Key works:
American Hegemony and the Postwar Reconstruction of Science in Europe (MIT Press, November 2006).

"The Peaceful Atom as Political Weapon: Euratom as an Instrument of U.S. Foreign Policy in the 1950s," Historical Studies in the Natural Sciences 38:1 (2008), 5-44.

"Technology, Foreign Policy and International Collaboration in Space," in Steven Dick and Roger Launius (eds) Critical Issues in History of Spaceflight (Washington DC: NASA-2006-4702, 2006), 239 – 260.

"Atoms for Peace, Scientific Internationalism, and Scientific Intelligence," in J. Krige and K-H. Barth (eds), Global Knowledge Power. Science and Technology in International Affairs, Osiris 21 (2006), 161-181.
Jeffrey Richelson
Dr. Jeffrey Richelson is a Senior Fellow with the National Security Archive, which is a project any spy and/or modern tech buff should take an interest in.
"He has directed Archive documentation projects on U.S.-China relations, the organization and operations of the U.S. intelligence community, U.S. military space activities, and Presidential national security directives. He received his Ph.D. from the University of Rochester and has taught at the University of Texas and the American University."

Key works:
The Wizards of Langley: inside the CIA's Directorate of Science and Technology. Westview Press. 2001.

Spying on the bomb: American nuclear intelligence from Nazi Germany to Iran and North Korea. Norton. 2006

America's space sentinels: DSP satellites and national security University of Kansas Press. 1999.

America's secret eyes in space: the U.S. keyhole spy satellite program. Harper & Row. 1990.

United States strategic reconnaissance: photographic/imaging satellites. Center for International and Strategic Affairs UCLA. 1983.

with William Burr, "Whether to 'Strangle the Baby in the Cradle': The United States and the Chinese Nuclear Program, 1960–64," International Security, Vol. 25, No. 3 (2001) http://www.mitpressjournals.org/doi/abs/10.1162/016228800560525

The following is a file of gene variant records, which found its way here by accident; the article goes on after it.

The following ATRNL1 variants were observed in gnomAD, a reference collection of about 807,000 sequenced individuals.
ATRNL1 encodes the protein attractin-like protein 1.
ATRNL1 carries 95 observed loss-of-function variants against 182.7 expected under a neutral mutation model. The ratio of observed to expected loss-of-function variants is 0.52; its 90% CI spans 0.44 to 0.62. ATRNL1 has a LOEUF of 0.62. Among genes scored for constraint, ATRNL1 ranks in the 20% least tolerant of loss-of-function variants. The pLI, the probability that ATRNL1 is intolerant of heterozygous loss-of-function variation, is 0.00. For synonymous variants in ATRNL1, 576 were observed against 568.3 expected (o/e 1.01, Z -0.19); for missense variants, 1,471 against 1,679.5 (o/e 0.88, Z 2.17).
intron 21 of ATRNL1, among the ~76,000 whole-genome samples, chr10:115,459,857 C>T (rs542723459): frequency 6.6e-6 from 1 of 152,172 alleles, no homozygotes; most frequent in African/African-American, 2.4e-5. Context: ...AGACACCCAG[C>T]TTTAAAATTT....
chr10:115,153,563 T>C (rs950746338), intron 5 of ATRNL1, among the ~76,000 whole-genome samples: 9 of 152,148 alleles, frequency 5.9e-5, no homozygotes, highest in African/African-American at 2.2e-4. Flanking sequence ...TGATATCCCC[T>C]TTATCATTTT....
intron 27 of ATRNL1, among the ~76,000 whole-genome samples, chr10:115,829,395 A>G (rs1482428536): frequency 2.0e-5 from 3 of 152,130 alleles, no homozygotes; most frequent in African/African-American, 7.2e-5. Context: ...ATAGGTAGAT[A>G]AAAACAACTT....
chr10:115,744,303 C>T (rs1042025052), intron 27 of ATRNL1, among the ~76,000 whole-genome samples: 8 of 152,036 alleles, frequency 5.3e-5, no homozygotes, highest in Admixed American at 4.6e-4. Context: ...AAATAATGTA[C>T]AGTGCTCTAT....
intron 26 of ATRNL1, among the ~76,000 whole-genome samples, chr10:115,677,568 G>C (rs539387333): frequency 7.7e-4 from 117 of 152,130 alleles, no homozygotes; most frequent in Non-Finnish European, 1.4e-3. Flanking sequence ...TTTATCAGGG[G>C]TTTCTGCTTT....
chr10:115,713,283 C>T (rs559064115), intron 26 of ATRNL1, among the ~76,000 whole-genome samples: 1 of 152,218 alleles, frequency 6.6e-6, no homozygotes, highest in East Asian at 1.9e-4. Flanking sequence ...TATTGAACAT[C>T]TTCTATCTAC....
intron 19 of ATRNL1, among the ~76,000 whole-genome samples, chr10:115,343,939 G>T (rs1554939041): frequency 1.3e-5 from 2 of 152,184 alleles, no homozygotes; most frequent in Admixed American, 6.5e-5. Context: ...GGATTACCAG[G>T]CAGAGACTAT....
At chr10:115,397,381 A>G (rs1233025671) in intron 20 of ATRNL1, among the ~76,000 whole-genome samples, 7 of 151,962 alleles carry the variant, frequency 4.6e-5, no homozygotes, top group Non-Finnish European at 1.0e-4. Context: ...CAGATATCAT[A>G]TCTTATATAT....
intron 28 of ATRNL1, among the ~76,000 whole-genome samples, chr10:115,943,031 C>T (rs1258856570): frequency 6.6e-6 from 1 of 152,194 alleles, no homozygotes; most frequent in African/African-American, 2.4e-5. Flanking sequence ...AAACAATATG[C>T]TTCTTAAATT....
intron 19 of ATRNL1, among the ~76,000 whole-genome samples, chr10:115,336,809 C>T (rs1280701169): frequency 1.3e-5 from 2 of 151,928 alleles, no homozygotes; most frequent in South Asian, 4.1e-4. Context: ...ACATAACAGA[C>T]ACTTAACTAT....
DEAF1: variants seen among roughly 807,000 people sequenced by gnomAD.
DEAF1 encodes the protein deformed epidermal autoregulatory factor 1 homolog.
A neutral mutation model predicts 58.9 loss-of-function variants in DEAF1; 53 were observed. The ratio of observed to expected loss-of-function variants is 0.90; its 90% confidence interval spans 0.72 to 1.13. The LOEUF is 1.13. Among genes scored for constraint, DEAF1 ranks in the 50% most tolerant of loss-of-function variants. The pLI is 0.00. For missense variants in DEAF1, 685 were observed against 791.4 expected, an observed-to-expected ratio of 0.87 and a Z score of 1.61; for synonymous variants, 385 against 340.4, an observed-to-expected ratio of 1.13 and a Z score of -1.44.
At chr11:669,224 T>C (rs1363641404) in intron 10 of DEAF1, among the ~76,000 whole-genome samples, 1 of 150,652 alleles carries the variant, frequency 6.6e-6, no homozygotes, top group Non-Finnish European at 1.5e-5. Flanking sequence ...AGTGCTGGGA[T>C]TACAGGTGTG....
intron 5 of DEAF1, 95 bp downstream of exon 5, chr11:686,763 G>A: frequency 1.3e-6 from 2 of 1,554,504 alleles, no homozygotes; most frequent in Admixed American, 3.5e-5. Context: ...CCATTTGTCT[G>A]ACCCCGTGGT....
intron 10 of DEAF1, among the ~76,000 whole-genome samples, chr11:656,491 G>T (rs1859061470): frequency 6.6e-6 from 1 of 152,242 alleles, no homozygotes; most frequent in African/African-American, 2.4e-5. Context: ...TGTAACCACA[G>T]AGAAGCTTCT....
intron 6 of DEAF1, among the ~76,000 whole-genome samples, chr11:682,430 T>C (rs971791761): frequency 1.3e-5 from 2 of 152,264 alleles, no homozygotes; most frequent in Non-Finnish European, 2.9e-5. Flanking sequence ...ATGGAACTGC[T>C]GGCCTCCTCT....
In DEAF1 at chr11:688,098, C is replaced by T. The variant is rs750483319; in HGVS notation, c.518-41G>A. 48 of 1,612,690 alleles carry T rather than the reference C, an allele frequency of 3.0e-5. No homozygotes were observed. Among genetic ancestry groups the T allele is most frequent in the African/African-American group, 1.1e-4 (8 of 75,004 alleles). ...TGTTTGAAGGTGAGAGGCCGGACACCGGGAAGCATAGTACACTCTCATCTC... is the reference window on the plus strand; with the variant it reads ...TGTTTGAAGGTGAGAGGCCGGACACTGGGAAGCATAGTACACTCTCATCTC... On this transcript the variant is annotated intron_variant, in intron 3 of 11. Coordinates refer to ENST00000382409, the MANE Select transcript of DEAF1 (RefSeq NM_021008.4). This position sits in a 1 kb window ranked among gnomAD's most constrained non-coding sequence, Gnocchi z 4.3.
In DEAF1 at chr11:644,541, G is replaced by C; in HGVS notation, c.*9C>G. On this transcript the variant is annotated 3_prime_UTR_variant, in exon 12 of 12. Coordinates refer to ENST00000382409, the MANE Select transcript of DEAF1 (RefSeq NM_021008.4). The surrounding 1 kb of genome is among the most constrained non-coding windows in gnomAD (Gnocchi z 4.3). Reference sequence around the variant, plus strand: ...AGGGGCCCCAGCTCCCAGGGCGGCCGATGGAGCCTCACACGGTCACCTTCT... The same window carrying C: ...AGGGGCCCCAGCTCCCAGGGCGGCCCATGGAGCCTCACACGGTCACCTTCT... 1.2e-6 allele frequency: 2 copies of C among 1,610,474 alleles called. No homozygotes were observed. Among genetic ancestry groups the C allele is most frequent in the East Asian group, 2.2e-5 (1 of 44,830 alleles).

"Scientists in Black," Scientific American, (February 1998), pp. 48-55.
James Bamford
"James Bamford (born September 24, 1946) is an American bestselling author and journalist who writes about United States intelligence agencies, most notably the National Security Agency (NSA). He was raised in Natick, Massachusetts, spent three years in the United States Navy as an intelligence analyst during the Vietnam War, and used the GI Bill to earn his law degree from Suffolk University Law School in Boston."

Key Works:
The Puzzle Palace: Inside the National Security Agency, America's Most Secret Intelligence Organization. Viking Press, 2001.

Body of Secrets: Anatomy of the Ultra-Secret National Security Agency. Anchor, 2002.
The Shadow Factory: The Ultra-Secret NSA from 9/11 to the Eavesdropping on America. Doubleday, 2008. 

[See the link above for references to his many, many articles in newspapers, magazines, and other locations.]

Science, Spies, and History - An Introduction

First, an introduction.

Why the history of science/technology and the history of espionage/intelligence? They seem like pretty widely disparate fields, and they are. Still, they also have important ties (important, at least, to me). Both fields were dominated by popular writers rather than professional historians until recent decades - which isn't a bad thing, but does deeply shape the type of stories that get told, the audiences addressed, and the extent to which authors build on each other's efforts. Both science/technology and espionage/intelligence are fundamentally about creating useful knowledge out of masses of data, then communicating that knowledge to those who can use it. As such, both are extremely important for modern policy-making, yet both are easily (and often) ignored or distorted by policymakers.

I am a PhD candidate in History at UC Berkeley studying the intersection of the history of espionage and intelligence and the history of science and technology. This blog will be a place to bloviate.

I intend to split posts between 1) my research, and 2) these topics more broadly. Possible posts include drafts for future lectures, paragraphs for future use in papers and presentations, and simple rambling thoughts.